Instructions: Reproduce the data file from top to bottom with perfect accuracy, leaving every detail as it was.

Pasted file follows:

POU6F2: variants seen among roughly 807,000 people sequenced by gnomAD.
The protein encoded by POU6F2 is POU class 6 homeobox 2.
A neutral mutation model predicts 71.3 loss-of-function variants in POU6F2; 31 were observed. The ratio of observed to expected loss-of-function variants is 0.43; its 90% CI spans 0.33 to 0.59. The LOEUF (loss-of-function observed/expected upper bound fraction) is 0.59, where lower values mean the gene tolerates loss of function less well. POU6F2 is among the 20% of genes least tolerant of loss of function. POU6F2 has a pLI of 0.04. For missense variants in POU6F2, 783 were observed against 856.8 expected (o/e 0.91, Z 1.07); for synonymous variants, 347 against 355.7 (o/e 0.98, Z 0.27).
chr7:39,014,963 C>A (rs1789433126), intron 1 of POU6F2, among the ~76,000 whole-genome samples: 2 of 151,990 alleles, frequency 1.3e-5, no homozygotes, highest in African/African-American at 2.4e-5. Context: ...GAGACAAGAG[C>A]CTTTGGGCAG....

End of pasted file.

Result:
POU6F2: variants seen among roughly 807,000 people sequenced by gnomAD.
The protein encoded by POU6F2 is POU class 6 homeobox 2.
A neutral mutation model predicts 71.3 loss-of-function variants in POU6F2; 31 were observed. The ratio of observed to expected loss-of-function variants is 0.43; its 90% CI spans 0.33 to 0.59. The LOEUF (loss-of-function observed/expected upper bound fraction) is 0.59, where lower values mean the gene tolerates loss of function less well. POU6F2 is among the 20% of genes least tolerant of loss of function. POU6F2 has a pLI of 0.04. For missense variants in POU6F2, 783 were observed against 856.8 expected (o/e 0.91, Z 1.07); for synonymous variants, 347 against 355.7 (o/e 0.98, Z 0.27).
chr7:39,014,963 C>A (rs1789433126), intron 1 of POU6F2, among the ~76,000 whole-genome samples: 2 of 151,990 alleles, frequency 1.3e-5, no homozygotes, highest in African/African-American at 2.4e-5. Context: ...GAGACAAGAG[C>A]CTTTGGGCAG....